In the afternoon, the physio adds new exercises to my program, and suggests I go walking in the public pool. I am delighted with this, but again – my mind sees problems. I want to go now! I have to hurry up! But today we have someone coming to fix things at home. Tomorrow I have a visitor at 10.30am, I have doctors’ appointments at 1pm, the kids need Mike to take them places in the afternoon. So when I come back from the physio, I spend most of my meditation time reflecting on when I can get to the pool. Try to change today? Cancel tomorrow morning? What shall I do, what shall I do? It goes round and round my head, I feel teary. All I want to do is go to the pool, why should it be so hard? Then again, why do I need to hurry? Oh, but I do, I do, I need my legs to get better… 

So the thoughts and feelings go round and round. But gradually, I feel the still centre is there. I can go there, even though the other thoughts still flit and jump. I can watch them come and go, the worry, the attachment to doing now, to fitting in, to trying to do everything – because that is there too – if I go to the pool, I mightn’t have time to write my blog, write my stories, do the other neck exercises I planned to do…perhaps also I am not sitting in the right way to meditate, perhaps I am doing it wrong, not maximising my healing, trying to do too many things at once…and then it all lets go…it doesn’t matter…it’s all right…what I am doing is all right, it is what I am doing…it is what I am…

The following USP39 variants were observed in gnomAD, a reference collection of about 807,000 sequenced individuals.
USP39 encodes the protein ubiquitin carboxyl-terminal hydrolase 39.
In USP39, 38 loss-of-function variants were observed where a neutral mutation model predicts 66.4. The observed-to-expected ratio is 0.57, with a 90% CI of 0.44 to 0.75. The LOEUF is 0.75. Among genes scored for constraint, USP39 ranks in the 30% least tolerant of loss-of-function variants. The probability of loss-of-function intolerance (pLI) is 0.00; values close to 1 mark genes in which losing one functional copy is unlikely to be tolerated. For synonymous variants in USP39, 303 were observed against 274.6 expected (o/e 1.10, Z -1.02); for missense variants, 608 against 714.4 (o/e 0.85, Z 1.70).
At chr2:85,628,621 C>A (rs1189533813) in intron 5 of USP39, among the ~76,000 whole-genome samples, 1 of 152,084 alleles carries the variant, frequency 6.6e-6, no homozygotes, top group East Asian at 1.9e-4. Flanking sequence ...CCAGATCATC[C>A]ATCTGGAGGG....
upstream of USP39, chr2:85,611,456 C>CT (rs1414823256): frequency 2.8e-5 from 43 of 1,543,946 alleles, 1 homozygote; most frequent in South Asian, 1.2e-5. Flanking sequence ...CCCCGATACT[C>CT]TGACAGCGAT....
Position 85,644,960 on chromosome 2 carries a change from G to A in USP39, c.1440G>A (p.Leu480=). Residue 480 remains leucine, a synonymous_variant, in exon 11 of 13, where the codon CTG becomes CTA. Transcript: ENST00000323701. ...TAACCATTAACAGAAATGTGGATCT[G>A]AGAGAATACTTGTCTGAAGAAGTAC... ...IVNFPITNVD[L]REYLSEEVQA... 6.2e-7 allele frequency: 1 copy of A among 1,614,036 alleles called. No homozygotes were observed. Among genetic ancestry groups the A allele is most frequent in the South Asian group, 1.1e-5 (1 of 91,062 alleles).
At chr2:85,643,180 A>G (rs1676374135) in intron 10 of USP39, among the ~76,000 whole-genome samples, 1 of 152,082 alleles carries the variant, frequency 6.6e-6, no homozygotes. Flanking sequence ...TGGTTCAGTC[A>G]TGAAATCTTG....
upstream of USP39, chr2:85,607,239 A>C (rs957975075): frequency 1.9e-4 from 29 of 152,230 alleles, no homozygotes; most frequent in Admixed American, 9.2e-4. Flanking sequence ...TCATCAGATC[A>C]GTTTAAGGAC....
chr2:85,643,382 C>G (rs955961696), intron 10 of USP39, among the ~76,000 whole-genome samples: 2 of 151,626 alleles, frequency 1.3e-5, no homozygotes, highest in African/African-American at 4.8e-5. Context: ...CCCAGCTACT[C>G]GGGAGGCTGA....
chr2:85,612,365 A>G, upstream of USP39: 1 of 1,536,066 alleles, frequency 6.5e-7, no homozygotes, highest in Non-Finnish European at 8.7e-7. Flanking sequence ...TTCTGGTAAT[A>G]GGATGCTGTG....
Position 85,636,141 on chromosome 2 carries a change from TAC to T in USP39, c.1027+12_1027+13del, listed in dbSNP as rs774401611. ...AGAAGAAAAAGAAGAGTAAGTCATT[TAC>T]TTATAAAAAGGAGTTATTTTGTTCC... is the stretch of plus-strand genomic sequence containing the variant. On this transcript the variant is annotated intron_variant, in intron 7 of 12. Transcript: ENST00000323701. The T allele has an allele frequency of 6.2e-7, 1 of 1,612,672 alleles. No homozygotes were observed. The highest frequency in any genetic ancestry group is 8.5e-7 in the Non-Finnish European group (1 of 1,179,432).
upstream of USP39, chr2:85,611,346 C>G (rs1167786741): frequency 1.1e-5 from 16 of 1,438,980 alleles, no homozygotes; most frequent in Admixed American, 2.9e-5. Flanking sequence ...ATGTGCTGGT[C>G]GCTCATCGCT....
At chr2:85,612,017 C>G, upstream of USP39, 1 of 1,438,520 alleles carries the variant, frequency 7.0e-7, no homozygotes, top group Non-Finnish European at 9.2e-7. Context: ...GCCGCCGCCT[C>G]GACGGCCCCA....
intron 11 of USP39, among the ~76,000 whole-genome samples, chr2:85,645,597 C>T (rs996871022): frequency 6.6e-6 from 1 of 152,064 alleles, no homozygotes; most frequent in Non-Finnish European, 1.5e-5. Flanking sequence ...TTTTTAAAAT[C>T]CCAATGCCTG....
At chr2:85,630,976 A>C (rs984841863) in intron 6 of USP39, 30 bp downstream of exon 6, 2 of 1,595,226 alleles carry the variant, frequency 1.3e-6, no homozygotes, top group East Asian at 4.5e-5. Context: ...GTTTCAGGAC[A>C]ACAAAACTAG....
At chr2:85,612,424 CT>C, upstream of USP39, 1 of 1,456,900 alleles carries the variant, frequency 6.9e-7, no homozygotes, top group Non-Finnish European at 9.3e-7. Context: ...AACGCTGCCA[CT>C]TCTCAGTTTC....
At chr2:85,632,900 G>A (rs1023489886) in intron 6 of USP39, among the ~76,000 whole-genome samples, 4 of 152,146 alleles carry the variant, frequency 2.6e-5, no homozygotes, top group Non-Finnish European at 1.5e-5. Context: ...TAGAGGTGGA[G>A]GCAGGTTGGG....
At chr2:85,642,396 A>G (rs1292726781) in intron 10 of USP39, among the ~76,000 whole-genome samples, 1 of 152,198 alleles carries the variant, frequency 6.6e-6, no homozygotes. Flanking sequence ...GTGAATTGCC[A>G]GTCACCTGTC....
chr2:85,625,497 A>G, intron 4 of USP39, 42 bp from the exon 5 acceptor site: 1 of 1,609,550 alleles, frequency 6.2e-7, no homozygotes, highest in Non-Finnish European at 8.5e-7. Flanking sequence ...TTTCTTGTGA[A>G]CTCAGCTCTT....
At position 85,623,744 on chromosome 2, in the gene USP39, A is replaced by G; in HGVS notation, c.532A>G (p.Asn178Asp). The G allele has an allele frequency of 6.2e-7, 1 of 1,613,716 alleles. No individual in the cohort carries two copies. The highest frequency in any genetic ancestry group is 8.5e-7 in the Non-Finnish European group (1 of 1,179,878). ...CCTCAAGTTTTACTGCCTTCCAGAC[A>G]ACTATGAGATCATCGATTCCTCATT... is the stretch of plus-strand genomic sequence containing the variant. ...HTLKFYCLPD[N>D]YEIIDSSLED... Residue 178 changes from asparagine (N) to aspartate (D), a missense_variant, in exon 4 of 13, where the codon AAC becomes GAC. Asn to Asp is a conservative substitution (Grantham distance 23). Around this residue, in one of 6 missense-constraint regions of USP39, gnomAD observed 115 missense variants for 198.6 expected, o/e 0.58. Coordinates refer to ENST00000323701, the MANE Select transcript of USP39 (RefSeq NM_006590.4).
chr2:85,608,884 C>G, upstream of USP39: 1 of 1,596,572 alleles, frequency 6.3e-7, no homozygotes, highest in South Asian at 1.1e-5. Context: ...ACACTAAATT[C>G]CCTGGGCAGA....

So the afternoon was peaceful. Listening to my son practise his trumpet (perhaps not everyone’s idea of peaceful…). Talking to my daughter and doing the leg (but not yet the neck) exercises.  

When I check on the receding gum in my mouth, I feel a chalky space/texture under the gum line. It reminds me. I must enjoy now. I have enjoyed today. It would have been hard to enjoy if that tooth had broken. But it hasn’t broken, it doesn’t hurt. I didn’t go to the pool, but my leg is better. I let go of resistance. I keep enjoying today.

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A bird of chaos

I remember being in the kitchen of our flat in
Park in
Belfast, Northern Ireland, where I was born. I am sitting at the table, my feet dangling down from the chair. Suddenly there is something noisy and unusual happening. Beating swirls through the air, sudden movement in front, behind, all around. What is it?

“Oh, a bird!” my mother says.  

A bird.  But birds are quiet things. I see them outside. They fly silently, they hop, they peck, they fit smoothly into the nature of things.  

Now here is a bird of chaos, all wrong, just because it is in the wrong place. I wonder at it. I am delighted and a little bit afraid. The random dashing movement through the air is hard to see. It is hard to understand. A bird? This is not what that word means!  

My mother runs around the kitchen as the bird swoops and dives and bumps. Why is she doing that? It is exciting and puzzling.  

And then it’s quiet again.  

“It’s gone,” says my mother.  The kitchen is just a kitchen. 

This is what I ‘remember’ as being my earliest memory.  It’s hard to know what is an early memory: sequence and order not being that significant in the mind of a child. How old was I? In what I see, I feel small, everything else is big. Part of why I identify it as being so early is the sense of wonder and surprise that something I had definite associations with was ‘being’ something else, it was a world view re-making.

So my earliest memory is of surprise, curiosity, wonder at the world and how it changes.